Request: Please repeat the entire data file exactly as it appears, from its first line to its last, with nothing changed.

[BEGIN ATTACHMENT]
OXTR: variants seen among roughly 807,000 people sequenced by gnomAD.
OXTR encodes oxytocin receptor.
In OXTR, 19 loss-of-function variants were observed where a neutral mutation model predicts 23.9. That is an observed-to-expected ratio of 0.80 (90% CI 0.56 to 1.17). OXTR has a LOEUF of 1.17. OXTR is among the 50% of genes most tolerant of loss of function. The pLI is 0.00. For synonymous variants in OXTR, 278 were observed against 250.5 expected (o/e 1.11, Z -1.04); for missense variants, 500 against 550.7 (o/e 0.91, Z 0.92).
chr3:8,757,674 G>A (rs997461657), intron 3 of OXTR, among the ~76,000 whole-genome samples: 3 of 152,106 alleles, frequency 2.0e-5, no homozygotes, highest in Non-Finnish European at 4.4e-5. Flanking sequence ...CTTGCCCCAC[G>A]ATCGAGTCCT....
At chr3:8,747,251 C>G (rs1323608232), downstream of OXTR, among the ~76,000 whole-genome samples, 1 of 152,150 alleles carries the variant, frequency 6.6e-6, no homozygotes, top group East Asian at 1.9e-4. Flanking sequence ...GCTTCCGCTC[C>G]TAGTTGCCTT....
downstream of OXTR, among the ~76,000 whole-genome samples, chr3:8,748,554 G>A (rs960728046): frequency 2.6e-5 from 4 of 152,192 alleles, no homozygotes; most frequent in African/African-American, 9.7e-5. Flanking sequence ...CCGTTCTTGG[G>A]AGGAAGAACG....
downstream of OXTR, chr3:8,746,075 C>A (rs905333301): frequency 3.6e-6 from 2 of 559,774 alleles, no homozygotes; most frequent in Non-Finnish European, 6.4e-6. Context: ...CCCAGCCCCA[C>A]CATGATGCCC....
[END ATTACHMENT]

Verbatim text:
OXTR: variants seen among roughly 807,000 people sequenced by gnomAD.
OXTR encodes oxytocin receptor.
In OXTR, 19 loss-of-function variants were observed where a neutral mutation model predicts 23.9. That is an observed-to-expected ratio of 0.80 (90% CI 0.56 to 1.17). OXTR has a LOEUF of 1.17. OXTR is among the 50% of genes most tolerant of loss of function. The pLI is 0.00. For synonymous variants in OXTR, 278 were observed against 250.5 expected (o/e 1.11, Z -1.04); for missense variants, 500 against 550.7 (o/e 0.91, Z 0.92).
chr3:8,757,674 G>A (rs997461657), intron 3 of OXTR, among the ~76,000 whole-genome samples: 3 of 152,106 alleles, frequency 2.0e-5, no homozygotes, highest in Non-Finnish European at 4.4e-5. Flanking sequence ...CTTGCCCCAC[G>A]ATCGAGTCCT....
At chr3:8,747,251 C>G (rs1323608232), downstream of OXTR, among the ~76,000 whole-genome samples, 1 of 152,150 alleles carries the variant, frequency 6.6e-6, no homozygotes, top group East Asian at 1.9e-4. Flanking sequence ...GCTTCCGCTC[C>G]TAGTTGCCTT....
downstream of OXTR, among the ~76,000 whole-genome samples, chr3:8,748,554 G>A (rs960728046): frequency 2.6e-5 from 4 of 152,192 alleles, no homozygotes; most frequent in African/African-American, 9.7e-5. Flanking sequence ...CCGTTCTTGG[G>A]AGGAAGAACG....
downstream of OXTR, chr3:8,746,075 C>A (rs905333301): frequency 3.6e-6 from 2 of 559,774 alleles, no homozygotes; most frequent in Non-Finnish European, 6.4e-6. Context: ...CCCAGCCCCA[C>A]CATGATGCCC....